By 1955 the Station Wgon could be had with the 115-horsepower Kaiser six. The interior was quite Spartan, but this was, after all, a utility vehicle.

©Vince Manocchi

1955 Jeep Utility Wagon

During 1955, Willys withdrew from the passenger car market and designated the wagon as part of the company's commercial line. Available in either 4 x 2 or 4 x 4 guise, it was designated the "Utility Wagon." The extra seat for the seventh passenger was deleted, as was the standard overdrive that had been featured with the four-cylinder models.

A live axle replaced Barney Roos's Planadyne suspension. Prices were moderated accordingly, and production figures were lumped with those of the trucks. Warn hubs were optional on the four-wheel-drive units, making it possible for drivers to disconnect the front-wheel-drive mechanism by simply turning the hubs with their fingers.

Performance, thanks to the 115-horse-power engine, was considerably enhanced, compared to the early Jeep wagons. A reviewer for Auto Age reported an easy cruising speed of 60 miles per hour in the two-wheel mode, with 80 miles per hour within easy reach. Then with the front wheels reconnected he "rode through a marsh, across a two-foot-deep stream and climbed a 60 degree bank on the other side....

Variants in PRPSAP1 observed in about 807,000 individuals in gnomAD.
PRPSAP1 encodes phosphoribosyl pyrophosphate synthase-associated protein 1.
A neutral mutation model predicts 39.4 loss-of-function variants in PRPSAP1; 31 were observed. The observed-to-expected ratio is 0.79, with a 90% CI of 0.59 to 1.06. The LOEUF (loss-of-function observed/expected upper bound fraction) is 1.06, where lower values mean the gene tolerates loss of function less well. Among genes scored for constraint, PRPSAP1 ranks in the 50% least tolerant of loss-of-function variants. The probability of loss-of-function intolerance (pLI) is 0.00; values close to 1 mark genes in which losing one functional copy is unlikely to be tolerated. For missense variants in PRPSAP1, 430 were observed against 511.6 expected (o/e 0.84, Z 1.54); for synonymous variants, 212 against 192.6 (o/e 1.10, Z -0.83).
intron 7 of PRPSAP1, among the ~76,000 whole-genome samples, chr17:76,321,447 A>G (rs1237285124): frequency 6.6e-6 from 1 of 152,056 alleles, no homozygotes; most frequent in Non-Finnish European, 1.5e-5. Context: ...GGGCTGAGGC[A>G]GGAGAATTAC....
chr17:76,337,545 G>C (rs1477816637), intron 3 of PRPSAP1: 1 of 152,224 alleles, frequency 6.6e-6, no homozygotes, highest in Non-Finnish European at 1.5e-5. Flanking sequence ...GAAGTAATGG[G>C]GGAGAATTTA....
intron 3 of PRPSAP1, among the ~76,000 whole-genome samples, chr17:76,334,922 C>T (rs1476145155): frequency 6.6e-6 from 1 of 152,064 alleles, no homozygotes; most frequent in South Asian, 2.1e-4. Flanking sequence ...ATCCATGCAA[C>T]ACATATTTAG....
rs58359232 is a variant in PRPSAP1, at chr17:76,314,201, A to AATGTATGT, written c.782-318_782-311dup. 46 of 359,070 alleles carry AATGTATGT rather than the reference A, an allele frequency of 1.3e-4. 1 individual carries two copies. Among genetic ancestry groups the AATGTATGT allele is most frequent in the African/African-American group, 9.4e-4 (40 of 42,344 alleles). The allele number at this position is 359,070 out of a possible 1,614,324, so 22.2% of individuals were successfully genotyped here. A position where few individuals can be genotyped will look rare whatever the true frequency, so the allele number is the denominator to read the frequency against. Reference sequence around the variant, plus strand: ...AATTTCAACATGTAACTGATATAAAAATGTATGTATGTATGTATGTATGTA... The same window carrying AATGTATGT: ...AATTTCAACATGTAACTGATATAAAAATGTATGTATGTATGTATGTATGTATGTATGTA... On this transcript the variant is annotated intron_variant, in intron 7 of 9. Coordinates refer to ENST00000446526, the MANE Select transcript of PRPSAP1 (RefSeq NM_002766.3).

"If it were possible to cover up some of the hair on the Willys chest and add some powder and paint and a bustle," Auto Age's chauvinistic staffer added, tongue-in-cheek, "maybe the style-conscious females who determine America's car market would give it more of a tumble."

Willys's trucks featured the same changes and updates as the wagon line. A 4 x 4 sedan delivery was added in 1953, priced $451 higher than the 4 x 2 version. The four-wheel-drive unit appeared to have had only a limited market, and usefulness was limited.

The six-cylinder, F-head Willys passenger car engine was made available to 4 x 2 sedan delivery buyers in 1954, and the 115 horsepower, 226 cid Kaiser L-head six became the standard powerplant for the 4 x 4 trucks, supplying both with badly needed additional power. Despite all this shuffling, the big news on the Jeep truck front was still a year away -- Forward Control. Keep reading to learn about the Kaiser-Jeep FC-150.

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